St. Luke African Methodist Episcopal Church is hosting an ongoing virtual fundraiser that started in an effort to restore the building’s original stained glass windows.
The fundraising effort started on Oct. 15, 2019, when artist John Sebelius, musicians Martinez Hillard and Chris Luxem, and visual designers Adam Johnson and Jeremy Rockwell created a live art experience inside of St. Luke AME.
During this event, the church was covered in projected visuals of the original stained glass windows accompanied both by music and Sebelius creating a live portrait of Langston Hughes, a former member of the congregation.
This experience served not only to kick off the fundraiser, but also to bring attention to the need for restoration in the church, Sebelius said. It also showed new and existing parishioners unique ways in which the space could be used.
“Some of those video projections are imagery that are taken directly from those stained glass designs, so kind of integrating the beauty of that original design of the church into something contemporary was interesting for the artists that worked on that project,” Sebelius said.
After the event, a GoFundMe page was created to collect donations with the goal of reaching $25,000. The fundraiser will continue online until the church reaches their goal.
Pastor Verdell Taylor has been at St. Luke AME for 25 years and has been heavily involved in restoration efforts during that time. The majority of restoration has happened within the last 10 years, with the most notable change being the heightening of the ceiling in 2010.
St. Luke AME has a rich history, earning its place in the Kansas Historical Society registry of historic places in 2005.
The church was founded in 1862 in the midst of the Civil War and civil rights movement, with plans for it to be built on the corner of present day New Hampshire Street and 9th Street. However, after a group of Black soldiers staying on site were killed by Quantrill’s Raiders, the land was left desecrated. The building was instead built at 900 New York Street in 1910.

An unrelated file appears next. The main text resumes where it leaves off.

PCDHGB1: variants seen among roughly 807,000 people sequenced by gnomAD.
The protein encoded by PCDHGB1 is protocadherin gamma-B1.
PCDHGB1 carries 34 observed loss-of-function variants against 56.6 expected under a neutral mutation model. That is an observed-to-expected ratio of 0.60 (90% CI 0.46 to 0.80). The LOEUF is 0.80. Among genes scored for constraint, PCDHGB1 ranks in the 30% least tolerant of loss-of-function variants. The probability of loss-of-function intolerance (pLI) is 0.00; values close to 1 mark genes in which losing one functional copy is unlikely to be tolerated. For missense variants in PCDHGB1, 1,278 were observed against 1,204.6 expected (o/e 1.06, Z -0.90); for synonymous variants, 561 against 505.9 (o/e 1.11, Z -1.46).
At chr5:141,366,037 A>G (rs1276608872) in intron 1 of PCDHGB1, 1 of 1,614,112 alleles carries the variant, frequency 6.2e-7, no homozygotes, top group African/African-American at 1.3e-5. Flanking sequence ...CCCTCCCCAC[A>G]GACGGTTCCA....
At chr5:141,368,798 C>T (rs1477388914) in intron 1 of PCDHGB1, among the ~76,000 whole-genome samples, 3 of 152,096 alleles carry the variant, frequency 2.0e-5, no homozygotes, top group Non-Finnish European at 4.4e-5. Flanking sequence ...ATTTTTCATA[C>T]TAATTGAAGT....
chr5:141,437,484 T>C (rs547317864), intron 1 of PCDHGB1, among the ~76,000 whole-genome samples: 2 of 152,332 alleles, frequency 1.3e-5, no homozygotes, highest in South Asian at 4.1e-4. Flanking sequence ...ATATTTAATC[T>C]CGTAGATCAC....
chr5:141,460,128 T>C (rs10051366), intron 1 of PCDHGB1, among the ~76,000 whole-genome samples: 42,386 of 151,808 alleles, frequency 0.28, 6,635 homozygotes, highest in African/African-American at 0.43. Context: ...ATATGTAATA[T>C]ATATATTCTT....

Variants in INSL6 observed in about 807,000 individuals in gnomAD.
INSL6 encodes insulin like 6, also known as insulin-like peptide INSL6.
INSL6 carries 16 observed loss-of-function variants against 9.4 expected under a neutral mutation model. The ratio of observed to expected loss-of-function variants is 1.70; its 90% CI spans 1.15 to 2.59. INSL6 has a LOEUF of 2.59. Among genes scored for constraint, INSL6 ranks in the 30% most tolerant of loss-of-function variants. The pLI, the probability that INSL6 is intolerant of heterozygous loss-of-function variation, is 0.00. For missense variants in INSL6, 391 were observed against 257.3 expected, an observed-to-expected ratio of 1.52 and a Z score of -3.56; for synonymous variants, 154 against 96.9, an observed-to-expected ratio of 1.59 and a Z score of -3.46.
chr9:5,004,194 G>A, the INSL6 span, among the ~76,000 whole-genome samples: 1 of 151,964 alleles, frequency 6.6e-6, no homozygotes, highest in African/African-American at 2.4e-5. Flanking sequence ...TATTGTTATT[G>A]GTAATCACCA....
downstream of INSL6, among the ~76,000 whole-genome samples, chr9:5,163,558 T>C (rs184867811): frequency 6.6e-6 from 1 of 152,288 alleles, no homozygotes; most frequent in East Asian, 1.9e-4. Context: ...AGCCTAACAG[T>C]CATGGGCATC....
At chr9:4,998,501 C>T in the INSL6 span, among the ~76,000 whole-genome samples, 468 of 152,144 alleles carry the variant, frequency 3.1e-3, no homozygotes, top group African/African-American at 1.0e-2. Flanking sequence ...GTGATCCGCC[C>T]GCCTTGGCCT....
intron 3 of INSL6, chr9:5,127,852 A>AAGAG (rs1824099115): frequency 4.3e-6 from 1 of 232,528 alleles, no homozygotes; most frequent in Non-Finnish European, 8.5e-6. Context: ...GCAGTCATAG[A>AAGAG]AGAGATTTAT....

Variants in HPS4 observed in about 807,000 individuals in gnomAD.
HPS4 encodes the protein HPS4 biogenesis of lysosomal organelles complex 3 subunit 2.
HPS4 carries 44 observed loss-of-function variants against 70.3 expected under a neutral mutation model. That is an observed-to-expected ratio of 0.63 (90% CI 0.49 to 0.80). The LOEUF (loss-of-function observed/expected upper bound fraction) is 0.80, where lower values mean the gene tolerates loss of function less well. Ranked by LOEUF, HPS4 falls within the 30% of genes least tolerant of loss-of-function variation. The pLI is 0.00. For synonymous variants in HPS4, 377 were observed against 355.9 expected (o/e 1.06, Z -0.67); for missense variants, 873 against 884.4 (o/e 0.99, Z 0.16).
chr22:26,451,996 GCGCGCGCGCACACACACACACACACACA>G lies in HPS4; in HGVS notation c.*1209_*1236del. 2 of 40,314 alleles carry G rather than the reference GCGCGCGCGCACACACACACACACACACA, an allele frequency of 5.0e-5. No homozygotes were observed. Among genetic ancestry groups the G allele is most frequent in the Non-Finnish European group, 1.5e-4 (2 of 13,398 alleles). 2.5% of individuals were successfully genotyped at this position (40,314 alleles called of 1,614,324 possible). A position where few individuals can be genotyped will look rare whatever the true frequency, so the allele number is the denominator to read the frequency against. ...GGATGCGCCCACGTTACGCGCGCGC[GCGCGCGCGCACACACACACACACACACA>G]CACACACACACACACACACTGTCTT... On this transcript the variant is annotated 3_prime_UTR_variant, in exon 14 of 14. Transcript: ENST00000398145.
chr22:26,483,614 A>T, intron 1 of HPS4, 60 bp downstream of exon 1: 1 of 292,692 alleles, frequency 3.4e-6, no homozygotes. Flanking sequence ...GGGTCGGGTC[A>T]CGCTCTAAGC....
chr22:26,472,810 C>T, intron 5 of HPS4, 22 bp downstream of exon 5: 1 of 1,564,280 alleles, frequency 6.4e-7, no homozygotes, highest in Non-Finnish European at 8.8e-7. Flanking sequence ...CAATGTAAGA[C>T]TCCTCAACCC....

In 1970, the church notably hosted the funeral of Rick "Tiger" Dowdell, a Black KU freshman who was shot and killed by Lawrence police, leading to five days of tension and violence between student antiwar activists and civil rights advocates.
“It has been a real strong piece of the community, especially in the area of civil rights,” Taylor said, “because of the nature of St. Luke and being very active, a church that is very active within the community, it became a place where the NAACP and various other organizations would meet.”
Hughes also plays an important part of St. Luke’s history, as the famous poet was a member of the congregation as a child. Hughes mentions St. Luke in his autobiography, “The Big Sea."
“We don’t want to lose history, we don’t want to lose historical buildings and this is the only building that is left standing that Langston Hughes actually spent time in and as a member of the church as a child,” Taylor said. “So because of his history, then it’s also involved in our history.”
St. Luke AME has stood not only as a place of worship but also as a historic symbol for the Black community of Lawrence.
“The reason is to be able to have a piece of history right in the middle of East Lawrence that represents Blackness, but represents so much more than that," Taylor said. "It represents the history of the African American people that came at the time of our Civil War looking for a place to realize freedom."